Sources close to the negotiations that took place in early 2010 over Galperin’s pay package explained to Haaretz that Sharansky had agreed with Galperin that he would not lose out financially due to his move from Washington to JAFI’s North American headquarters in New York. That hardly explains how he almost doubled the salary of about $400,000 he was due to make that year as head of the Washington federation.
To put things in perspective, the Jewish agency operates in close to 80 countries on five continents through a network of over 450 emissaries, including hundreds of formal and informal educators. And the core budget in 2010 was $260.25M, in which almost a million dollars goes to pay for one executive at a single New York based branch.
Galperin’s personal benefits are not his only cost to the Jewish Agency. Shortly after he started work, JAFI set up Jewish Agency International Development (JAID), with Galperin as its president and CEO. JAID, which was to become the agency’s main fundraising channel, recruited dozens of new employees who work alongside the existing staff of JAFI North America; among them two new vice-presidents, Arthur Sandman and Nirit French, who make around $250,000 each.
“JAID is a monstrous and wasteful structure built by Galperin,” says a veteran agency employee, “while all around the organization is cutting back and people are getting fired.”
In an op-ed published in the Forward on July 5 2011, Misha Galperin makes the case for a funded peoplehood agenda, which would put him in charge of managing the funds. By making a very persuasive point – “It’s a lot easier to get someone to pay for an ambulance than to pay for salary raises for medics. It’s a lot easier to get people to pay for a room in a building than to cover the cost of doing business. But what happens if we ignore medic salaries or the cost of rent and utilities? These expenses do not go away.”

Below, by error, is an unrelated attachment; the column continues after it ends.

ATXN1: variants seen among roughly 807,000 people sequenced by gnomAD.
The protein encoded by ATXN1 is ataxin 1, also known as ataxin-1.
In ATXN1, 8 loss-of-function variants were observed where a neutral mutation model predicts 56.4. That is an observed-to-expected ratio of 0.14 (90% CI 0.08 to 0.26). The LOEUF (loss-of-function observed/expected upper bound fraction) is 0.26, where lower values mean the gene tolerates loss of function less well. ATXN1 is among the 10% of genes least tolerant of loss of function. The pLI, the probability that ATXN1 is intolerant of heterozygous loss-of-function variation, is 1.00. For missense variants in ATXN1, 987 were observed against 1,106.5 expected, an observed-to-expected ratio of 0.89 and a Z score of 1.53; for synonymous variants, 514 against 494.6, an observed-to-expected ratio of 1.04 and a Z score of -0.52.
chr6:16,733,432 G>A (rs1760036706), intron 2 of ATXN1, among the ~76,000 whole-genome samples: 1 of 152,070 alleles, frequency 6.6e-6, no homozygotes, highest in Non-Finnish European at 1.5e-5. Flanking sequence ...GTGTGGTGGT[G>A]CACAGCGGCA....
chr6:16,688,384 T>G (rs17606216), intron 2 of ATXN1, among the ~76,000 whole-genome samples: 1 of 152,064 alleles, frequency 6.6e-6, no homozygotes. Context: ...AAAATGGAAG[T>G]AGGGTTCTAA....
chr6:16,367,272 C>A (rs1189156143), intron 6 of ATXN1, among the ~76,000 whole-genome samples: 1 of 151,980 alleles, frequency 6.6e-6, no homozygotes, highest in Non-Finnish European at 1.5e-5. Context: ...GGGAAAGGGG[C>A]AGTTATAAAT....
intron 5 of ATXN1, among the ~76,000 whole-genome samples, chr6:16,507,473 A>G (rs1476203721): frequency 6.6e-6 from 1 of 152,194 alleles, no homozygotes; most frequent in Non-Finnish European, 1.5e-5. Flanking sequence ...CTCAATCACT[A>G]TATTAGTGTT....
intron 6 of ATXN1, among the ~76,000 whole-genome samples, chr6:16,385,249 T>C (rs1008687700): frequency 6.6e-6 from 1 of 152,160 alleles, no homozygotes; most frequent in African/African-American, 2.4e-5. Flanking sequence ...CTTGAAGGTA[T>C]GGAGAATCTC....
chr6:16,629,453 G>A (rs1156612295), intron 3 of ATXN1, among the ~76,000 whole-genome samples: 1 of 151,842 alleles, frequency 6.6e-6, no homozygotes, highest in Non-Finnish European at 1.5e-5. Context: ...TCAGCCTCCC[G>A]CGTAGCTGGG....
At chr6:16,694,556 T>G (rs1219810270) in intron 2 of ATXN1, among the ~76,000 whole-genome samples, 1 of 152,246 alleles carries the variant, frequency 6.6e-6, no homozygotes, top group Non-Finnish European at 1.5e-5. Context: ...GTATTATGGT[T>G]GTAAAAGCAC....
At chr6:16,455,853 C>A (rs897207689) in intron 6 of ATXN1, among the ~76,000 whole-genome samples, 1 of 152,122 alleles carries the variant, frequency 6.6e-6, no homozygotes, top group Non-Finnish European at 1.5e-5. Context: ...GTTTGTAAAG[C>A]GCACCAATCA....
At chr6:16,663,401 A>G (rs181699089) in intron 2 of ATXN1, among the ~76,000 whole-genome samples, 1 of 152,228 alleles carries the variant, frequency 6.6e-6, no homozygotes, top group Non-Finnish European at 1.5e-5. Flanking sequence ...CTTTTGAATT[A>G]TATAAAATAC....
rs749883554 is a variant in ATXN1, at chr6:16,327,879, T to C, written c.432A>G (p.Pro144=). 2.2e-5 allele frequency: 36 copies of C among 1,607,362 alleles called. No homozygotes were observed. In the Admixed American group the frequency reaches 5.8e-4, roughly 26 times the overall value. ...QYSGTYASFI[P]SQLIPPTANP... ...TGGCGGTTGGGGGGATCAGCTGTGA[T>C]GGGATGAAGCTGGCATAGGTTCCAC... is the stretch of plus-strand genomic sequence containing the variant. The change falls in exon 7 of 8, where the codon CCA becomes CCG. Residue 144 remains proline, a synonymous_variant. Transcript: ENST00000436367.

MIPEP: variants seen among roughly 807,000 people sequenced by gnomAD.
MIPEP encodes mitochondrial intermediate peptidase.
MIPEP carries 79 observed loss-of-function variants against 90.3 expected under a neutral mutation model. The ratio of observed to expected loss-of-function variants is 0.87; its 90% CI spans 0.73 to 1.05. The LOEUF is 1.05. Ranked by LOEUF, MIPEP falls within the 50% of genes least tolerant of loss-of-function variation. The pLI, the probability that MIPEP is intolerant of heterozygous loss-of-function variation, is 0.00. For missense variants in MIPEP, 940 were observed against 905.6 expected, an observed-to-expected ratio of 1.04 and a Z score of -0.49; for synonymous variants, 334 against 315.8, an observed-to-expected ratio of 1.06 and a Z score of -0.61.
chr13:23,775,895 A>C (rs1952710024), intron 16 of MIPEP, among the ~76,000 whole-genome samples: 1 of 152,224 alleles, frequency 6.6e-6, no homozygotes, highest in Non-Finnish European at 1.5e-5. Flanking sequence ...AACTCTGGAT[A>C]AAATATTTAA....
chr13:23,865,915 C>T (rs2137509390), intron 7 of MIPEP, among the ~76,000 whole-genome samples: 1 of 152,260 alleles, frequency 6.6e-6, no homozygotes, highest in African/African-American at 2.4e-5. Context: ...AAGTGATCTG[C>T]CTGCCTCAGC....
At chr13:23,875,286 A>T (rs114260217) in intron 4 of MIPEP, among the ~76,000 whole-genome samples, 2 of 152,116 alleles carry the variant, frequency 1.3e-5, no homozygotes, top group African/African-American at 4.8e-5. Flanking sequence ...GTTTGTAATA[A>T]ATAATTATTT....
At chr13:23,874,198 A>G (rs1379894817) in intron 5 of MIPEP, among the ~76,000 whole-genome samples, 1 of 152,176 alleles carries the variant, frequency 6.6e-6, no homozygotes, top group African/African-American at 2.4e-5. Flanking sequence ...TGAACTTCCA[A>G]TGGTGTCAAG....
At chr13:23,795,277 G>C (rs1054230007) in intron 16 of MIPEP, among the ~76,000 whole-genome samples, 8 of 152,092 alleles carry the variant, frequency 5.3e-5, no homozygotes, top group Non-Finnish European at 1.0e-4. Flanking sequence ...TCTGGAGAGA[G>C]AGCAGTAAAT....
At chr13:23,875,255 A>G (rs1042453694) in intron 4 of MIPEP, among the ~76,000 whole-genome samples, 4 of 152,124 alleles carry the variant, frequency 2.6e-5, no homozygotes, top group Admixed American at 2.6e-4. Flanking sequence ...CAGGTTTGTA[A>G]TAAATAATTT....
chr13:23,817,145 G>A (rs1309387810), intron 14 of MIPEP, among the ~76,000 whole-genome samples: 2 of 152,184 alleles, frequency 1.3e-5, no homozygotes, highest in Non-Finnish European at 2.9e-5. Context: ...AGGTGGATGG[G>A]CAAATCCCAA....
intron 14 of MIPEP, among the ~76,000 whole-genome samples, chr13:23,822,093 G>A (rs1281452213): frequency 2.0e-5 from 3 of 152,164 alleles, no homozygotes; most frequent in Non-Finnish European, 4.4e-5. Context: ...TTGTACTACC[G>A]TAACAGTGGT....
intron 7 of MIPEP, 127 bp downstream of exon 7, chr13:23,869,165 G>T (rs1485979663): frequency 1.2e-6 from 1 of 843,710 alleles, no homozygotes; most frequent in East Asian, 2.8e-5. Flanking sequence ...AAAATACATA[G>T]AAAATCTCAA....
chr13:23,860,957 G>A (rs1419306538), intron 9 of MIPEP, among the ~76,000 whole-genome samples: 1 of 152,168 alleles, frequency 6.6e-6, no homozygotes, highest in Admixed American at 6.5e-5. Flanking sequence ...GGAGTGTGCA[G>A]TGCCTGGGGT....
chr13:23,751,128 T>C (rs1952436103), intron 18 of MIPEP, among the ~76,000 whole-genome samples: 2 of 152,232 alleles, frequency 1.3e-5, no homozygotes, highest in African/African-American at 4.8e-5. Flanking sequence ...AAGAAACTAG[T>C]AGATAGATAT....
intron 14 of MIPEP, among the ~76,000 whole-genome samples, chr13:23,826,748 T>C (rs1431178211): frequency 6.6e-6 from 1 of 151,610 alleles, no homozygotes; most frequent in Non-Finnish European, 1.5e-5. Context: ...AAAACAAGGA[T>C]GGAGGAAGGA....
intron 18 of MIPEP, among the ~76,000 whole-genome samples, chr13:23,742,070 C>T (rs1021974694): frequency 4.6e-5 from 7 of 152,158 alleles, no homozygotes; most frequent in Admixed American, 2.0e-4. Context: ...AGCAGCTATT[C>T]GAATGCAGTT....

According to Haaretz research, in 2010, contributions and grants to JAFI were down nine percent from the previous year, at $316 million. Figures for 2011 are reported to be even worse.
In 2009, the operating budget was cut by $45 million, and in 2011 a further $20 million were cut. In the process, 180 employees were fired and 50 workers were forced giving up a day of paid vacation and to take unpaid leave in August.
The Jewish Voice reached out to the Jewish Agency in New York for an explanation, but has not, as of this writing, received a response.
In a troubled economy, where a global recession has resulted in a dramatic decline of donations by well-known philanthropists from around the world, observers are asking themselves what these new revelations will mean for the future of the Jewish Agency, and how they do business.
[Editor’s note: While we at the Jewish Voice respect the important work that the Jewish Agency does on behalf of Israel and Jewish communities around the world, we feel that it is also important that our readers be made aware of where their tzedakah money is going, and we hope to encourage a culture of accountability in our public institutions.]
Follow Jacob Kornbluh on Twitter, at Twitter.com/jacobkornbluh